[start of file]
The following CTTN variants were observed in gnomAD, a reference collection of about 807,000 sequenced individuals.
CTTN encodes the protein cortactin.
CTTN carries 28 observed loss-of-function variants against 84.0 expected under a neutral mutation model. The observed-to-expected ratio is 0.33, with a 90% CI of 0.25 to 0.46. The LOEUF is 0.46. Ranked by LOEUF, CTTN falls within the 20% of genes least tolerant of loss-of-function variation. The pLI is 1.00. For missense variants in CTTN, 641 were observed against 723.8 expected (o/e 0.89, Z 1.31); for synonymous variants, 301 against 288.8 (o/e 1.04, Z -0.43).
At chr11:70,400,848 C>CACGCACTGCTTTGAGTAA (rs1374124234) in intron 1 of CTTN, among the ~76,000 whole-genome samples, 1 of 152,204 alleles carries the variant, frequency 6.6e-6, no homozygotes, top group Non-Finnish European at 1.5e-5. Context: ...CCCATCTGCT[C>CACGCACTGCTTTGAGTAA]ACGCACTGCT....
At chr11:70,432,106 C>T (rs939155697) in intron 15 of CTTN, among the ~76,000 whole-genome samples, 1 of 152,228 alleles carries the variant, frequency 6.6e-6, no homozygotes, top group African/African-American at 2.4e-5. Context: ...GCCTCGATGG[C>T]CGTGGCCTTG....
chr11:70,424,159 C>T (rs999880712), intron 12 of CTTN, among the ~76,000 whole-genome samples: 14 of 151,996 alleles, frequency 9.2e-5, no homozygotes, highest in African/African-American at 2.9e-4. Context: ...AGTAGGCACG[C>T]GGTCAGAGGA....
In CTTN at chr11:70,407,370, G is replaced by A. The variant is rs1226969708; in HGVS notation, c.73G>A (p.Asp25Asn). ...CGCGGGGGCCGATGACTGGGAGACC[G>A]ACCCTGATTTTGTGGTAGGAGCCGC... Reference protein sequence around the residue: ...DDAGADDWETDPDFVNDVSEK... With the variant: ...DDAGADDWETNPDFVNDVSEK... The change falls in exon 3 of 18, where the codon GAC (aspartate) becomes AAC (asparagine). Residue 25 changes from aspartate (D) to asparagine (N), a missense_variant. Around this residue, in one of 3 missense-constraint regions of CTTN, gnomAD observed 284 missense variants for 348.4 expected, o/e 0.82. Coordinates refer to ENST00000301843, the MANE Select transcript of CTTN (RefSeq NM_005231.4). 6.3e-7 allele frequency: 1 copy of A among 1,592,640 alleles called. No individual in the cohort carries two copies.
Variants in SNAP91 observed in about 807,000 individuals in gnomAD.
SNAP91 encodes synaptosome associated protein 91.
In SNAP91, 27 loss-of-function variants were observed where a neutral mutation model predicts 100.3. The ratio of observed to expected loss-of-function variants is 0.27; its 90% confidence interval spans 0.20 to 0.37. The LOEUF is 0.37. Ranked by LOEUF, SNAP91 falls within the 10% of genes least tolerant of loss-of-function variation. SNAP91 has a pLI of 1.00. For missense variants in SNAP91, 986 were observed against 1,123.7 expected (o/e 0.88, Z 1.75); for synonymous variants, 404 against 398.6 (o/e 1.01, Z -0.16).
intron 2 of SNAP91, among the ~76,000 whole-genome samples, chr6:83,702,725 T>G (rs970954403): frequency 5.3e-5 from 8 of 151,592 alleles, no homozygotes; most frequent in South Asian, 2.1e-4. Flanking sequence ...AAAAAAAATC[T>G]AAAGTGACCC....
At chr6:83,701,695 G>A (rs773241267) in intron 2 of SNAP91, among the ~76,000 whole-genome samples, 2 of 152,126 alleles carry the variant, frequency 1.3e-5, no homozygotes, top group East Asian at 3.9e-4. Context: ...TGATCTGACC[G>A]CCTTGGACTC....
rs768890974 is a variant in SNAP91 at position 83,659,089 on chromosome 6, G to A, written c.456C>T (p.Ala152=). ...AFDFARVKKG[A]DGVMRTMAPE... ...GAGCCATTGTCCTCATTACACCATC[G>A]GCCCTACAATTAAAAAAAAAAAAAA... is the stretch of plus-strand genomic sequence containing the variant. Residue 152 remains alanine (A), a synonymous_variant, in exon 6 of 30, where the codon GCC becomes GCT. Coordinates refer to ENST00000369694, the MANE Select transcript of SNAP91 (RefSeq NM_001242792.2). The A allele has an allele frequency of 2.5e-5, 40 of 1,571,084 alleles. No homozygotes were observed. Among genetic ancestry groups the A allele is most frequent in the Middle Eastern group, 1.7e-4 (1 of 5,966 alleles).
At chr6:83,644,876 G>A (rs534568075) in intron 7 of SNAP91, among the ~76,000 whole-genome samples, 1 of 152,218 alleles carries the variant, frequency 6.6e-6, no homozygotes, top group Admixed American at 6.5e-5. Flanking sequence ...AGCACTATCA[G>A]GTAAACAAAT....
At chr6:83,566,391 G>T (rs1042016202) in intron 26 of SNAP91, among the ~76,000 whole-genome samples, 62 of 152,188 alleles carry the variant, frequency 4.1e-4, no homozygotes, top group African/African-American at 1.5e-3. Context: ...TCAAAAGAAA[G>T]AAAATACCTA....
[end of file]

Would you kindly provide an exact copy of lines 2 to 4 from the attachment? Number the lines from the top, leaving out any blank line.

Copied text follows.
CTTN encodes the protein cortactin.
CTTN carries 28 observed loss-of-function variants against 84.0 expected under a neutral mutation model. The observed-to-expected ratio is 0.33, with a 90% CI of 0.25 to 0.46. The LOEUF is 0.46. Ranked by LOEUF, CTTN falls within the 20% of genes least tolerant of loss-of-function variation. The pLI is 1.00. For missense variants in CTTN, 641 were observed against 723.8 expected (o/e 0.89, Z 1.31); for synonymous variants, 301 against 288.8 (o/e 1.04, Z -0.43).
At chr11:70,400,848 C>CACGCACTGCTTTGAGTAA (rs1374124234) in intron 1 of CTTN, among the ~76,000 whole-genome samples, 1 of 152,204 alleles carries the variant, frequency 6.6e-6, no homozygotes, top group Non-Finnish European at 1.5e-5. Context: ...CCCATCTGCT[C>CACGCACTGCTTTGAGTAA]ACGCACTGCT....